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dc.contributor.authorvan Pijkeren, Jan Peter
dc.contributor.authorMorrissey, David
dc.contributor.authorMonk, Ian R
dc.contributor.authorCronin, Michelle
dc.contributor.authorRajendran, Simon
dc.contributor.authorO'Sullivan, Gerald C
dc.contributor.authorGahan, Cormac G M
dc.contributor.authorTangney, Mark
dc.date.accessioned2012-01-31T16:39:26Z
dc.date.available2012-01-31T16:39:26Z
dc.date.issued2012-01-31T16:39:26Z
dc.identifier.citationHum Gene Ther. 2010 Apr;21(4):405-16.en_GB
dc.identifier.issn1557-7422 (Electronic)en_GB
dc.identifier.issn1043-0342 (Linking)en_GB
dc.identifier.pmid20105075en_GB
dc.identifier.doi10.1089/hum.2009.022en_GB
dc.identifier.urihttp://hdl.handle.net/10147/206381
dc.description.abstractBacteria-mediated transfer of plasmid DNA to mammalian cells (bactofection) has been shown to have significant potential as an approach to express heterologous proteins in various cell types. This is achieved through entry of the entire bacterium into cells, followed by release of plasmid DNA. In a murine model, we show that Listeria monocytogenes can invade and spread in tumors, and establish the use of Listeria to deliver genes to tumors in vivo. A novel approach to vector lysis and release of plasmid DNA through antibiotic administration was developed. Ampicillin administration facilitated both plasmid transfer and safety control of vector. To further improve on the gene delivery system, we selected a Listeria monocytogenes derivative that is more sensitive to ampicillin, and less pathogenic than the wild-type strain. Incorporation of a eukaryotic-transcribed lysin cassette in the plasmid further increased bacterial lysis. Successful gene delivery of firefly luciferase to growing tumors in murine models and to patient breast tumor samples ex vivo was achieved. The model described encompasses a three-phase treatment regimen, involving (1) intratumoral administration of vector followed by a period of vector spread, (2) systemic ampicillin administration to induce vector lysis and plasmid transfer, and (3) systemic administration of combined moxifloxacin and ampicillin to eliminate systemic vector. For the first time, our results reveal the potential of Listeria monocytogenes for in vivo gene delivery.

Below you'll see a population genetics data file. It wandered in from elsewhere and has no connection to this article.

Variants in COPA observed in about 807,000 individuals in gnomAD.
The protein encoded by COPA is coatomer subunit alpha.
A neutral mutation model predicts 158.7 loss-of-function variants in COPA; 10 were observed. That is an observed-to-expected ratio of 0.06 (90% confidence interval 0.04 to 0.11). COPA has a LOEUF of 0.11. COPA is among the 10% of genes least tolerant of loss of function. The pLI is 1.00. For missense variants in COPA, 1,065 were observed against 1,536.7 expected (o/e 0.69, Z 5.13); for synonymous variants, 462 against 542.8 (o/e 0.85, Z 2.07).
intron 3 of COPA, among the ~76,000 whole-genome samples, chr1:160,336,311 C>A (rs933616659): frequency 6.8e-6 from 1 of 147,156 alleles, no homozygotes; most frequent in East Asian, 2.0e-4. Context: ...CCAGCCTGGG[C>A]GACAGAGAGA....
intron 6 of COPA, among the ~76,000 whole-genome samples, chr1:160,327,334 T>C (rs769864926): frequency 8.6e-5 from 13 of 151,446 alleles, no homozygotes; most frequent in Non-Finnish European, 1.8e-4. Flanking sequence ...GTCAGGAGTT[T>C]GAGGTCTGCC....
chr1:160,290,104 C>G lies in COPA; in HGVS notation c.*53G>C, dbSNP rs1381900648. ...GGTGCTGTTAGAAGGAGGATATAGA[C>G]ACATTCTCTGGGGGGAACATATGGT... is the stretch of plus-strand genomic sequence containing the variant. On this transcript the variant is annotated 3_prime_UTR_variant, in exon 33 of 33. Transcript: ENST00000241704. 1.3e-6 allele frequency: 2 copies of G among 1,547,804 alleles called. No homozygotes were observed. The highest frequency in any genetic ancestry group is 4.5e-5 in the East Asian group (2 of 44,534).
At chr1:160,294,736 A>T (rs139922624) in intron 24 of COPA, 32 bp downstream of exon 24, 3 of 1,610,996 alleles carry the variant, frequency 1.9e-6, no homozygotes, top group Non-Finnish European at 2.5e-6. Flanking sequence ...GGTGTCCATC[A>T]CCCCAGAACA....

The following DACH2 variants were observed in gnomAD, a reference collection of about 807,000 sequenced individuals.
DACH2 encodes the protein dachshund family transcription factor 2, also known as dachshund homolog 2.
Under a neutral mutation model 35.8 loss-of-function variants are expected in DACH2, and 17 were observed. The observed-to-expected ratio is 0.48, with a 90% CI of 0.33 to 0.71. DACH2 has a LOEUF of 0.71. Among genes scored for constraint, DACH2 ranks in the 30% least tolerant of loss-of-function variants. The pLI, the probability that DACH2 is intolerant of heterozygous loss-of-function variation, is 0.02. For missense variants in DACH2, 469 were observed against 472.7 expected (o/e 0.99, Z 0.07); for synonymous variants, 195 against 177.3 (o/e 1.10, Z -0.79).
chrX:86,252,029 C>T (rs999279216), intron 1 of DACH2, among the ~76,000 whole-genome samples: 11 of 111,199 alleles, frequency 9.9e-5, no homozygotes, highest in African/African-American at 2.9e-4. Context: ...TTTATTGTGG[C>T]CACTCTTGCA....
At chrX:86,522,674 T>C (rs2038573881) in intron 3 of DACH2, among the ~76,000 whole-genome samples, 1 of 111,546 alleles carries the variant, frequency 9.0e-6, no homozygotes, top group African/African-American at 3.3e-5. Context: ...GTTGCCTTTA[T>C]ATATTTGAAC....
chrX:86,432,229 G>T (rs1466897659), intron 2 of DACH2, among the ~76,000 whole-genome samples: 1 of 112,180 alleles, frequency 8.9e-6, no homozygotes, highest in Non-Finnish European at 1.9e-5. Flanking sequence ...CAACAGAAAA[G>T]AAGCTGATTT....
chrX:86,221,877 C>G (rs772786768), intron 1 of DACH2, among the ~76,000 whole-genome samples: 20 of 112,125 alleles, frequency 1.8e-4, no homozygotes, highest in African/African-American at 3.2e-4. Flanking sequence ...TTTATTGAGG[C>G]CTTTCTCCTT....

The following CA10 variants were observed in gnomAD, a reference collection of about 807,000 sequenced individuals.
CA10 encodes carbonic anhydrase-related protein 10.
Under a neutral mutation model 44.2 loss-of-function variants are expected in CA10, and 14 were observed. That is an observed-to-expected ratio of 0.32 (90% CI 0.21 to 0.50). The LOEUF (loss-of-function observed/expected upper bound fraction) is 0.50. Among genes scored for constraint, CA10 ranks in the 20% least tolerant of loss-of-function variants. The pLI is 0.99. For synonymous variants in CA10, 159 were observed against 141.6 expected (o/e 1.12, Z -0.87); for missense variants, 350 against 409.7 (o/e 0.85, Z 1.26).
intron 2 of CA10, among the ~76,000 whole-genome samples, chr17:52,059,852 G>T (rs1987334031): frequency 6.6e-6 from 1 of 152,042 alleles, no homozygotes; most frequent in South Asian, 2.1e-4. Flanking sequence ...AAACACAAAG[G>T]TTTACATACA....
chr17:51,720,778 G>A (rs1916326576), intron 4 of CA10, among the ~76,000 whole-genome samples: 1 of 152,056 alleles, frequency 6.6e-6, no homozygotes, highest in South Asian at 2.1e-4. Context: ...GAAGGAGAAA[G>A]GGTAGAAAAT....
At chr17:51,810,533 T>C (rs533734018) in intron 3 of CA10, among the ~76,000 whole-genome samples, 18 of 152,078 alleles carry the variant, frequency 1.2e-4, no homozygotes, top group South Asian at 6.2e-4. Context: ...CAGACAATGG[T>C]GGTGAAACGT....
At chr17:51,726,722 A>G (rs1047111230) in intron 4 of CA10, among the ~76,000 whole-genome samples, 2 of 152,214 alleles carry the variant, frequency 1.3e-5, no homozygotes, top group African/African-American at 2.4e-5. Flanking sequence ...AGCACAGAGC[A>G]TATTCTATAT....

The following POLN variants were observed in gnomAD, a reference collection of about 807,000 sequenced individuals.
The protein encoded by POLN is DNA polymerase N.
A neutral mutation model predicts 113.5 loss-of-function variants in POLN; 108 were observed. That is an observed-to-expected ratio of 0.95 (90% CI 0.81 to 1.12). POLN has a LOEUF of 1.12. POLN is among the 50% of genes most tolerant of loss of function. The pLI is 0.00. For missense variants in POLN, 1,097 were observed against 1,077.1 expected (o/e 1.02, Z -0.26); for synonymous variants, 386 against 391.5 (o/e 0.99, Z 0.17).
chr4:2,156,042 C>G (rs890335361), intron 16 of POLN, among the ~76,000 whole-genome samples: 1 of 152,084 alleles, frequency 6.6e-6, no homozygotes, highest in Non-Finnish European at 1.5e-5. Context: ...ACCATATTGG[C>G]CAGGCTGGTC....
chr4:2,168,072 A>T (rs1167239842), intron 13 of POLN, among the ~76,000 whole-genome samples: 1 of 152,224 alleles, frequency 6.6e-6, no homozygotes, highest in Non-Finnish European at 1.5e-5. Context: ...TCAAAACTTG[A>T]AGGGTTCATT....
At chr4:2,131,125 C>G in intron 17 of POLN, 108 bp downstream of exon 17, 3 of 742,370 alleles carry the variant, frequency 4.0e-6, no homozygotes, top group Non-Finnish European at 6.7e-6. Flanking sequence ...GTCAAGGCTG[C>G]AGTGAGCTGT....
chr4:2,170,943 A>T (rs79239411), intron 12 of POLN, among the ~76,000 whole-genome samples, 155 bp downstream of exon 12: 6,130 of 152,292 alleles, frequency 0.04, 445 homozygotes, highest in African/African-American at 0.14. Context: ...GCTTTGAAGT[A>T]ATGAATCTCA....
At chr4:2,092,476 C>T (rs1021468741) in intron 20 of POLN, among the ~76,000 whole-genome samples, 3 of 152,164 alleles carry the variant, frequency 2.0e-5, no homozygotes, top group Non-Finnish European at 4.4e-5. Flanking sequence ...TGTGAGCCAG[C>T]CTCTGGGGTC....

dc.language.isoengen_GB
dc.subject.mesh*Adenocarcinoma/genetics/microbiology/therapyen_GB
dc.subject.meshAnimalsen_GB
dc.subject.mesh*Breast Neoplasms/genetics/microbiology/therapyen_GB
dc.subject.meshCaco-2 Cells/microbiologyen_GB
dc.subject.meshCell Line, Tumoren_GB
dc.subject.meshDNA, Bacterial/geneticsen_GB
dc.subject.meshFemaleen_GB
dc.subject.mesh*Gene Transfer Techniquesen_GB
dc.subject.meshGenetic Vectors/*administration & dosage/genetics/metabolismen_GB
dc.subject.meshHumansen_GB
dc.subject.meshListeria monocytogenes/*genetics/pathogenicityen_GB
dc.subject.meshListeriosis/microbiologyen_GB
dc.subject.meshLuciferases/genetics/metabolismen_GB
dc.subject.meshMiceen_GB
dc.subject.meshMice, Inbred BALB Cen_GB
dc.subject.meshMice, Nudeen_GB
dc.subject.meshPlasmids/*geneticsen_GB
dc.titleA novel Listeria monocytogenes-based DNA delivery system for cancer gene therapy.en_GB
dc.contributor.departmentCork Cancer Research Centre, Mercy University Hospital and Leslie C. Quick Jnr., Laboratory, University College Cork, Cork, Ireland.en_GB
dc.identifier.journalHuman gene therapyen_GB
dc.description.provinceMunster
html.description.abstractBacteria-mediated transfer of plasmid DNA to mammalian cells (bactofection) has been shown to have significant potential as an approach to express heterologous proteins in various cell types. This is achieved through entry of the entire bacterium into cells, followed by release of plasmid DNA. In a murine model, we show that Listeria monocytogenes can invade and spread in tumors, and establish the use of Listeria to deliver genes to tumors in vivo. A novel approach to vector lysis and release of plasmid DNA through antibiotic administration was developed. Ampicillin administration facilitated both plasmid transfer and safety control of vector. To further improve on the gene delivery system, we selected a Listeria monocytogenes derivative that is more sensitive to ampicillin, and less pathogenic than the wild-type strain. Incorporation of a eukaryotic-transcribed lysin cassette in the plasmid further increased bacterial lysis. Successful gene delivery of firefly luciferase to growing tumors in murine models and to patient breast tumor samples ex vivo was achieved. The model described encompasses a three-phase treatment regimen, involving (1) intratumoral administration of vector followed by a period of vector spread, (2) systemic ampicillin administration to induce vector lysis and plasmid transfer, and (3) systemic administration of combined moxifloxacin and ampicillin to eliminate systemic vector. For the first time, our results reveal the potential of Listeria monocytogenes for in vivo gene delivery.


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